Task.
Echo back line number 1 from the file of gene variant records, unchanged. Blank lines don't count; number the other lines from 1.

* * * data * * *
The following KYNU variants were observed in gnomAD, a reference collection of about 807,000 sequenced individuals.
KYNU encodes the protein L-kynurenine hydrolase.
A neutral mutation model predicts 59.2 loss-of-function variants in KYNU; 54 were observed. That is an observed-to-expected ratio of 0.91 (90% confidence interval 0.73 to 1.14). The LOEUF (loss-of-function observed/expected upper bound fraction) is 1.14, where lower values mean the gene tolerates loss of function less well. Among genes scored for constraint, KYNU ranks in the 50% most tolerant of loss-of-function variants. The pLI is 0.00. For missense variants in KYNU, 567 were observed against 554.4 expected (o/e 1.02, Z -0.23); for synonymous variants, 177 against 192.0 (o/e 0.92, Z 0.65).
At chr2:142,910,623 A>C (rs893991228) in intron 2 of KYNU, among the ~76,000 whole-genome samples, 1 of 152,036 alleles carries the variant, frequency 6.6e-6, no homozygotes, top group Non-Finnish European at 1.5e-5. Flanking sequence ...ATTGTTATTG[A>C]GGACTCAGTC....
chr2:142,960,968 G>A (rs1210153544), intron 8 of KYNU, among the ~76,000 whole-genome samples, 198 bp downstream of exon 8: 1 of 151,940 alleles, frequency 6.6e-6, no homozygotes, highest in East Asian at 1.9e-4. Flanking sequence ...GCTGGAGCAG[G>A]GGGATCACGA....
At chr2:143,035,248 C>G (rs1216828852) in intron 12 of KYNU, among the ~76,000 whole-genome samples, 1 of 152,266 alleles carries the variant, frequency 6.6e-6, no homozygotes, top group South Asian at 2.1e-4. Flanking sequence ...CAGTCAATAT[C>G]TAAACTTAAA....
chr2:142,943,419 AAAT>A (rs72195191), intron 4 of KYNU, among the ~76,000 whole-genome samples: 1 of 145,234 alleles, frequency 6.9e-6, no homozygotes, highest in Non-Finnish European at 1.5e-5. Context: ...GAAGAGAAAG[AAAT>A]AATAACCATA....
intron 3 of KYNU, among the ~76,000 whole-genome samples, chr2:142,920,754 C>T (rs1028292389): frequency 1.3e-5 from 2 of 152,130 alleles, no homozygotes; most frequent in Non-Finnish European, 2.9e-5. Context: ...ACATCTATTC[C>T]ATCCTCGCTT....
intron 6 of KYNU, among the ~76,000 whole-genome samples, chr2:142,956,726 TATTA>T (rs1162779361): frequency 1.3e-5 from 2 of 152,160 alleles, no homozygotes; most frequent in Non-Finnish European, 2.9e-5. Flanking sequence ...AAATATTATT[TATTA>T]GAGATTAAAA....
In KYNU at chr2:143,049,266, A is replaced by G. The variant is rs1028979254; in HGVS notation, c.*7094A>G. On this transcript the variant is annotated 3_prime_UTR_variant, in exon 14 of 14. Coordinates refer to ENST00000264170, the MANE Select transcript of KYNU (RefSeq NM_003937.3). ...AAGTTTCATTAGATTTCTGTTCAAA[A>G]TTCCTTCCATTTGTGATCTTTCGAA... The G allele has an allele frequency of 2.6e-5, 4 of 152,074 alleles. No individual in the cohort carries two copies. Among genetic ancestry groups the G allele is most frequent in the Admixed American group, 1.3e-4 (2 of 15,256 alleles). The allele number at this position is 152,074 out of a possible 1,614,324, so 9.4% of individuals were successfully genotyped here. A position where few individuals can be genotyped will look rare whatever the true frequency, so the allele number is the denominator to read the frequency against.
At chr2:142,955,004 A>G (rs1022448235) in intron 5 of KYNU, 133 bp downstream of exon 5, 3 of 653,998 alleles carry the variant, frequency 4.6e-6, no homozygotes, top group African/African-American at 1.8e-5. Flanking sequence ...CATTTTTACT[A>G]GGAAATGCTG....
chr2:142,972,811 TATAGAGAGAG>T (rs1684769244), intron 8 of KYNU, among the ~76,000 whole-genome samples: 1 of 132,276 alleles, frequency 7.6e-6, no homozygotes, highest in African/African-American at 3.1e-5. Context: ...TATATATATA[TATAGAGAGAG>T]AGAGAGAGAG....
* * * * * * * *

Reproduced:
The following KYNU variants were observed in gnomAD, a reference collection of about 807,000 sequenced individuals.